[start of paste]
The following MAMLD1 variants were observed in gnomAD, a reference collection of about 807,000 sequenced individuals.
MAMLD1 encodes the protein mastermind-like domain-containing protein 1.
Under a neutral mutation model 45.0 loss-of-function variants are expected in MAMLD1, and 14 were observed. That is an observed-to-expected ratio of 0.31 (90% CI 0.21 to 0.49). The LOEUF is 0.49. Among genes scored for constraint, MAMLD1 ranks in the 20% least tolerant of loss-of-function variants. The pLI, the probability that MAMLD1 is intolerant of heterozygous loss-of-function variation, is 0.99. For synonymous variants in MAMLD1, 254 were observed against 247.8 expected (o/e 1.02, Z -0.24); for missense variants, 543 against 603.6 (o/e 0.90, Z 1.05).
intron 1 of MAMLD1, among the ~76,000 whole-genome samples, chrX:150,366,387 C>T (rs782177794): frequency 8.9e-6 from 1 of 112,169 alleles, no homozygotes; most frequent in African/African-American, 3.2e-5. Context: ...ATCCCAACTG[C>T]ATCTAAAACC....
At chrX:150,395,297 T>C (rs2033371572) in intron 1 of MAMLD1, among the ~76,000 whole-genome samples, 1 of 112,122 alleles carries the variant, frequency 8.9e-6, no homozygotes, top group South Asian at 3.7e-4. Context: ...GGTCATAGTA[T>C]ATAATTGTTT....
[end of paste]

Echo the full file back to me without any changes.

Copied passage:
The following MAMLD1 variants were observed in gnomAD, a reference collection of about 807,000 sequenced individuals.
MAMLD1 encodes the protein mastermind-like domain-containing protein 1.
Under a neutral mutation model 45.0 loss-of-function variants are expected in MAMLD1, and 14 were observed. That is an observed-to-expected ratio of 0.31 (90% CI 0.21 to 0.49). The LOEUF is 0.49. Among genes scored for constraint, MAMLD1 ranks in the 20% least tolerant of loss-of-function variants. The pLI, the probability that MAMLD1 is intolerant of heterozygous loss-of-function variation, is 0.99. For synonymous variants in MAMLD1, 254 were observed against 247.8 expected (o/e 1.02, Z -0.24); for missense variants, 543 against 603.6 (o/e 0.90, Z 1.05).
intron 1 of MAMLD1, among the ~76,000 whole-genome samples, chrX:150,366,387 C>T (rs782177794): frequency 8.9e-6 from 1 of 112,169 alleles, no homozygotes; most frequent in African/African-American, 3.2e-5. Context: ...ATCCCAACTG[C>T]ATCTAAAACC....
At chrX:150,395,297 T>C (rs2033371572) in intron 1 of MAMLD1, among the ~76,000 whole-genome samples, 1 of 112,122 alleles carries the variant, frequency 8.9e-6, no homozygotes, top group South Asian at 3.7e-4. Context: ...GGTCATAGTA[T>C]ATAATTGTTT....